Ah, dormitory living. That interesting mix of having friends, classmates, and roommates around you all the time and balancing with the noise and low level of privacy that accompanies it. It’s fun for a short time, but after a semester or two, many college coeds look for something a bit more elegant and a lot more private, like an apartment or small house off-campus.
Getting out of sight of a resident advisor, far from the generic school food, and into a residential space that’s bigger—if only slightly. When you are ready to make the transition from on campus life to your new living quarters away from the school grounds, remembers this helpful information.
#1 Your Top Priority Should Be Location, Location, Location
It’s pretty much optional to remain close to campus, but having a short commute in only part of finding the best location for you. Secure housing in a safe area of town should be a top priority. Carefully inspect the immediate areas around the neighborhoods that are close to campus to get a sense of how safe you feel with roads and activities nearby, like businesses and traffic. Would walking home late at night be an option you would be comfortable with? Is there enough lighting on your street? Spending some time researching on the internet can help you gauge the safety of a neighborhood your looking at moving into, but don’t ignore your gut instinct, too. If you have an uneasy feeling, that’s a red flag! It’s best to just move on and keep looking for a spot that fits all of your needs adequately.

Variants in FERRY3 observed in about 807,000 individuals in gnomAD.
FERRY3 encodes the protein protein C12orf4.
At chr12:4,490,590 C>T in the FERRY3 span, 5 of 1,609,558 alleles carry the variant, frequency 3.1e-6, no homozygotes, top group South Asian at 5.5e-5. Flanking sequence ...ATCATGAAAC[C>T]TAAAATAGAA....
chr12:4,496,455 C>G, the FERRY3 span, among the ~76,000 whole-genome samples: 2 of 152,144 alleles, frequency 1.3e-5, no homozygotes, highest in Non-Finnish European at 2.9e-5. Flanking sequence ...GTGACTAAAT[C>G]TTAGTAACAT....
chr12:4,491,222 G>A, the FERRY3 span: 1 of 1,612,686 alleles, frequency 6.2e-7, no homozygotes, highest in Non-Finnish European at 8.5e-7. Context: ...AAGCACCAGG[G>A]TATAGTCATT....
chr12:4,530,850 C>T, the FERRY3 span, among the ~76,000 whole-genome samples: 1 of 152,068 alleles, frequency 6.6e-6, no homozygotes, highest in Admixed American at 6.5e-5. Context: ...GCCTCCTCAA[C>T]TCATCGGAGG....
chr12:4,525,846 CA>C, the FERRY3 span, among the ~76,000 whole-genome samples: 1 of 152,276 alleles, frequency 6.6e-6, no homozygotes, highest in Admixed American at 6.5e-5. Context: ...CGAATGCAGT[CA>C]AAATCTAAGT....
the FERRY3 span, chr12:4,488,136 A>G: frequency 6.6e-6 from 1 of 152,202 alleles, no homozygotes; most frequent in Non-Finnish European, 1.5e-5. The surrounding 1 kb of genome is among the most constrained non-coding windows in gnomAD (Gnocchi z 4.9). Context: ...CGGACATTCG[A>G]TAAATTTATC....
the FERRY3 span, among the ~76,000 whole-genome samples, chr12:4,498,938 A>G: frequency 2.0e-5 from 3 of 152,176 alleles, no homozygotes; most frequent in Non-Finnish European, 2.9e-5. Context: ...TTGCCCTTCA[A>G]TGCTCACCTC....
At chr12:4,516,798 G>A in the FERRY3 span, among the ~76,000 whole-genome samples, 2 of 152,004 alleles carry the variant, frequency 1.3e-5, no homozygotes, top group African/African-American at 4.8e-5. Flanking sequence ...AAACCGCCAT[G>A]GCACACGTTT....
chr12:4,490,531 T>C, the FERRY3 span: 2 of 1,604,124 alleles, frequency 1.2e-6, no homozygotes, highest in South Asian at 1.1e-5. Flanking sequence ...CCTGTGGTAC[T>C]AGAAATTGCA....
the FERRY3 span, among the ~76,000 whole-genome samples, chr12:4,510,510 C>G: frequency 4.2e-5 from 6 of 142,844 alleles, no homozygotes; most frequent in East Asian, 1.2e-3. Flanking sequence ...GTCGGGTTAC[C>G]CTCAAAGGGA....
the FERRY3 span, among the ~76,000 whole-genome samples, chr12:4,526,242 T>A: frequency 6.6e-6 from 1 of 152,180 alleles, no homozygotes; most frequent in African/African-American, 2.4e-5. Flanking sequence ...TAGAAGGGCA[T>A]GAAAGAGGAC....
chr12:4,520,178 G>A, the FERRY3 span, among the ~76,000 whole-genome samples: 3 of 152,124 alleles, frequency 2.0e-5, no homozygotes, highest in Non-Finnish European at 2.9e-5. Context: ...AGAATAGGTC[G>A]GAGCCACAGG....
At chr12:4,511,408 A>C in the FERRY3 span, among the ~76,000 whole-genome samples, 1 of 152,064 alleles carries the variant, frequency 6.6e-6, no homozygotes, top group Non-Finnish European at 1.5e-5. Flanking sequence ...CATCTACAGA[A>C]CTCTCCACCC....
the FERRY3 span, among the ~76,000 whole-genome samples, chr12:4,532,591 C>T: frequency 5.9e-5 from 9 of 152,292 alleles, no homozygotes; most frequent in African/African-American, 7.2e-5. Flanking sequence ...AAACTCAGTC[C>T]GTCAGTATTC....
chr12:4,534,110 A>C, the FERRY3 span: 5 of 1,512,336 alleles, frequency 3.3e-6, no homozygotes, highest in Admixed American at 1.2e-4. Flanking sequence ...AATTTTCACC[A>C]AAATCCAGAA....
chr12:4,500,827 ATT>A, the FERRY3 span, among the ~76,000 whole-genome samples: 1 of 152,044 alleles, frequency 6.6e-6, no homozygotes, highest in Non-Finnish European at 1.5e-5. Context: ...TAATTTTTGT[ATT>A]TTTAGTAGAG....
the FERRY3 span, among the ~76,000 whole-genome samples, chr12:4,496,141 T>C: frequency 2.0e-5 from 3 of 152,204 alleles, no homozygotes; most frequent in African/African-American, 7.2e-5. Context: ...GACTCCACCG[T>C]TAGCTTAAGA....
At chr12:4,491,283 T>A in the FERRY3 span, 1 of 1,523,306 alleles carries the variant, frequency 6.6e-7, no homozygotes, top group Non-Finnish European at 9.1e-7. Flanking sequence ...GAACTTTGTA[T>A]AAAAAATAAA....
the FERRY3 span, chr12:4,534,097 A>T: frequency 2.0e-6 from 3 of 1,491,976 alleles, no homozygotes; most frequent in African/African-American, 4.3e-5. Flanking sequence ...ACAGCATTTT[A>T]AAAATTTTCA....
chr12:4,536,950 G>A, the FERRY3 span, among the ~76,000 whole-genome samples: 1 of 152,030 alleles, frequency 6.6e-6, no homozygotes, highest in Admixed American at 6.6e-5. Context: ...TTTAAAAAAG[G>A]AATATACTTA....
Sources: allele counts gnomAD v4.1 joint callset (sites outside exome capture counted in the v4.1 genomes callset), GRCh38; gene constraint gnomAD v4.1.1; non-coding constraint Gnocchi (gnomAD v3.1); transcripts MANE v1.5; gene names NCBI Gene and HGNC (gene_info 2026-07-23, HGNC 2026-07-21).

#2 Cast a Large Net For Your Housing Search
Once you have found a suitable neighborhood for your needs, get a head start looking for your off-campus dwellings. A visit to your campus housing office will have a list of rentals available or at least the names of trusted landlords whom you can contact. Keep in mind that even if an apartment or house is currently taken, students move out every few months or semester, especially when graduation nears, so be proactive by asking around, place flyers up on campus and in classrooms, and chat with your friends and classmates to let them know what you’re looking.
Be careful of scams for listings of apartments or cottages when searching online, particularly on sites like Craigslist. Lovely and PadMapper are a couple of good resources. Set aside plenty of times over a few weekends to visit and look up close to as many places as you can, and feel free to take photos and jot down notes.
#3 Pad Your Budget Well Beyond the Rent
On average, utilities cost at least $200 per month, and that must be factored in with your monthly rent payment as well. If your apartment or housing managers include the utilities in your rent, that’s an incredible bonus! But, there’s still food, transportation, and household necessities to consider that you probably did not have to worry about when living in the dorm.
If you’re lucky you could find an apartment or house that furnishes your new space with furniture and appliances. Some expansion of your budget will be necessary if the space you’re looking at doesn’t have furniture or appliances.
#4 Get a Roommate to Help Offset Some Costs